Cinnamon prevents colorectal cancer in mice: Study shows that cinnamaldehyde could also potentially protect cells against other kinds of chemical carcinogens and UV-induced cancers.
Scientists at University of Arizona have found that the compound, which gives cinnamon its distinctive smell and flavor, is able to inhibit colorectal cancer in mice.
Cinnamon is a spice that is obtained from the inner bark of trees. It is used in both sweet and savory foods. Commonly found in Asian cuisines, it is the third most widely used spice in the world. The two major types of cinnamon are known as cassia cinnamon and true (Ceylon) cinnamon. Both types contain the compound cinnamaldehyde.
George Wondrak, associate professor, and Donna Zhang, professor, both belong to the College of Pharmacy Department of Pharmacology and Toxicology at the University of Arizona. They completed a study in which they added cinnamaldehyde to the diet of mice. They observed that as a result the animal cells acquired the ability to protect themselves against exposure to a carcinogen through detoxification and repair.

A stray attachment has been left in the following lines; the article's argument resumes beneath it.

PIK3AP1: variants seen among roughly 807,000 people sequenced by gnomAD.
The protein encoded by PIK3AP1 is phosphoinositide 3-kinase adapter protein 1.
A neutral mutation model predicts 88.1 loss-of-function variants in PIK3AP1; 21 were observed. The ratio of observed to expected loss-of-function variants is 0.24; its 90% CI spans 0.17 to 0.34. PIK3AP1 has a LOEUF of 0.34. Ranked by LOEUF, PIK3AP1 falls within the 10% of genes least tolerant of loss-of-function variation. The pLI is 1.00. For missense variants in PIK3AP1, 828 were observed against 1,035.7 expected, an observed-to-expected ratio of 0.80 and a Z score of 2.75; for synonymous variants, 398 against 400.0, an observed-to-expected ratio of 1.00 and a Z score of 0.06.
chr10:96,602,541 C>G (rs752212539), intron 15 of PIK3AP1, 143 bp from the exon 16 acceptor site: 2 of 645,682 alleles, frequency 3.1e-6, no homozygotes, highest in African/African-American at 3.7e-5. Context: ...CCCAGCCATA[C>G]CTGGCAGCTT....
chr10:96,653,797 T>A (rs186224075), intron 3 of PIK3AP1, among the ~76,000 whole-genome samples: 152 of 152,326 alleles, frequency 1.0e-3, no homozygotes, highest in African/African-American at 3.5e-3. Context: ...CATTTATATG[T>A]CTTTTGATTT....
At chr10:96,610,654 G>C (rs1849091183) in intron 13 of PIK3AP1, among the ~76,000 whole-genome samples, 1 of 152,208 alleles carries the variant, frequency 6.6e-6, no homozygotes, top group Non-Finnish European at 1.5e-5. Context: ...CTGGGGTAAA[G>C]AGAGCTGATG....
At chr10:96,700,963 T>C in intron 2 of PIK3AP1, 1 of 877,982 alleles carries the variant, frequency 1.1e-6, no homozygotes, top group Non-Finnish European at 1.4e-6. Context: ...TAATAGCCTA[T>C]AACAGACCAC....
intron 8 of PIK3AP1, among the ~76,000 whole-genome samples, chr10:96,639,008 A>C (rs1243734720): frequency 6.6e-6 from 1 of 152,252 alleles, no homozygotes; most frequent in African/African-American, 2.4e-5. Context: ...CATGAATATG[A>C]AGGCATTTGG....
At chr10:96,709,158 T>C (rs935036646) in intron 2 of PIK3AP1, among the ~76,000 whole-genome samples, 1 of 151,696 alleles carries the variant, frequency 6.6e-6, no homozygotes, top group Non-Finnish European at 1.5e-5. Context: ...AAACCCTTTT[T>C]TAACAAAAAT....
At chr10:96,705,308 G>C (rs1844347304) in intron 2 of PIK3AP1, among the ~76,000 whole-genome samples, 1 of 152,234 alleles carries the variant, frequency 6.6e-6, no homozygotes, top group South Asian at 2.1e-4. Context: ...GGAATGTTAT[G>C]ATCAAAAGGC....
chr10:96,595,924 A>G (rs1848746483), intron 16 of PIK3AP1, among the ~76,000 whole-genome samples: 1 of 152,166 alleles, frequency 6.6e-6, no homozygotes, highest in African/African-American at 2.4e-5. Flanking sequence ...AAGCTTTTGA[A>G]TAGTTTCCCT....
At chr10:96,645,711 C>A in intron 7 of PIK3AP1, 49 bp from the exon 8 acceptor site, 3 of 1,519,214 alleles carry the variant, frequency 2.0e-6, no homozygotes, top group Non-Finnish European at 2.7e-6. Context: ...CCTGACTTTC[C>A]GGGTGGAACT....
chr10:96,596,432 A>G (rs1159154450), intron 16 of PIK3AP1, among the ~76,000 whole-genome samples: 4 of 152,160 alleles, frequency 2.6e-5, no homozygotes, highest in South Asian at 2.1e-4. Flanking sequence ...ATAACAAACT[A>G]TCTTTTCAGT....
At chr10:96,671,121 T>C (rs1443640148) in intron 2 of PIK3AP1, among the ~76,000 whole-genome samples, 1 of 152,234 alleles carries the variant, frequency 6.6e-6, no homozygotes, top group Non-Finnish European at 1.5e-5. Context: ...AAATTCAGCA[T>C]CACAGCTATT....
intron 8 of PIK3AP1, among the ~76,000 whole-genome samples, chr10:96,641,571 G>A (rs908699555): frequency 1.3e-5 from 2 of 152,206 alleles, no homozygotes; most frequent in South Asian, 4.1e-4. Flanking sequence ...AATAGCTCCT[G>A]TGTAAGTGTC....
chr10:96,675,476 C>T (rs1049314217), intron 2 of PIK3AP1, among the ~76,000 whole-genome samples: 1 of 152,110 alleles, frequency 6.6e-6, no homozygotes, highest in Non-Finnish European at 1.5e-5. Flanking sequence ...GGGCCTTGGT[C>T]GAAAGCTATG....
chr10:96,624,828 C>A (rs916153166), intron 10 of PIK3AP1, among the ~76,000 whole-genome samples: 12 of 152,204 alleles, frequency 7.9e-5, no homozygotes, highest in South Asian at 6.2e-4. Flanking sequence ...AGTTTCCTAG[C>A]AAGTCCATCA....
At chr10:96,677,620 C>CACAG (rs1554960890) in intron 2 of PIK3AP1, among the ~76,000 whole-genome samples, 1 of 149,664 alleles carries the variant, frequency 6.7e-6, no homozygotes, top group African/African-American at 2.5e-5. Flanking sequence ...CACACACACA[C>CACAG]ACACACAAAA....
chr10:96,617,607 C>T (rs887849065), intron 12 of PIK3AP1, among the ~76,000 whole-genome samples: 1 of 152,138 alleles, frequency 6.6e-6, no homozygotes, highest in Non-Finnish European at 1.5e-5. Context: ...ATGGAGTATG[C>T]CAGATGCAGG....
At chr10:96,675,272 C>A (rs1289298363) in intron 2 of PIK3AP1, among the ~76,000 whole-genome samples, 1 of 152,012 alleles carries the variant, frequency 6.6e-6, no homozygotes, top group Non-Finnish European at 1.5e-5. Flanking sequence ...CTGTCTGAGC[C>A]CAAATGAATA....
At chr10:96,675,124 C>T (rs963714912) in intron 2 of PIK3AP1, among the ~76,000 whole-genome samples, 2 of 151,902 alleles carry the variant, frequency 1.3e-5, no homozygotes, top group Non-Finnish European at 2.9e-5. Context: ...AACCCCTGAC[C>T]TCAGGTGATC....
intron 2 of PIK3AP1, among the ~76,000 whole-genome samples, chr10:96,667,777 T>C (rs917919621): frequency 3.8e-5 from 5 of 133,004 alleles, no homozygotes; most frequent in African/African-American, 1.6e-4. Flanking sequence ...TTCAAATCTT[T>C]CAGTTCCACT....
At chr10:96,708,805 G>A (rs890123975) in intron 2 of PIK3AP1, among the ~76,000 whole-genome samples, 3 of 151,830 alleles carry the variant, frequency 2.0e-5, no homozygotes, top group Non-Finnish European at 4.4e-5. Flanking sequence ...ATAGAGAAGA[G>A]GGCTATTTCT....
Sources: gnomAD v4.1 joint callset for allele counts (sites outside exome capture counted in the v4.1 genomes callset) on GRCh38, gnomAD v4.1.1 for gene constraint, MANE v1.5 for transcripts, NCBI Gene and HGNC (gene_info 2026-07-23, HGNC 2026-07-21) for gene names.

Donna Zhang said, “This is a significant finding. Because colorectal cancer is aggressive and associated with a poor prognosis, there is an urgent need to develop more effective strategies against the disease.”
A pathway known as the Nrf2 pathway is important in protecting cells against stress inducers such as exposure to cancer-causing agents. Both labs look for molecules, which can activate the Nrf2 pathway. One of the compounds they identified was cinnamaldehyde.
Another thing that came to light in the most recent study was that cinnamaldehyde could also potentially protect cells against other kinds of chemical carcinogens and UV-induced cancers.
“We are not preaching at this point to eat a lot of cinnamon. We are just saying that cinnamaldehyde has properties that help it protect cells from cancer by the activation of Nrf2 pathway, ” Wondrak clarified.
The next step the research team is looking at is to determine whether cinnamon prevents cancer. Because of the fact that cinnamon is not a synthetic or novel drug but a safe spice, a study in humans could be on the horizon.
“We’re wondering if cinnamon can do the same thing that cinnamaldehyde can. And whether we can use either of them to go after major infectious diseases as well. These are the big questions to which this common spice may hold the answers to,” concluded Wondrak. The study was published in the Cancer Prevention Research journal.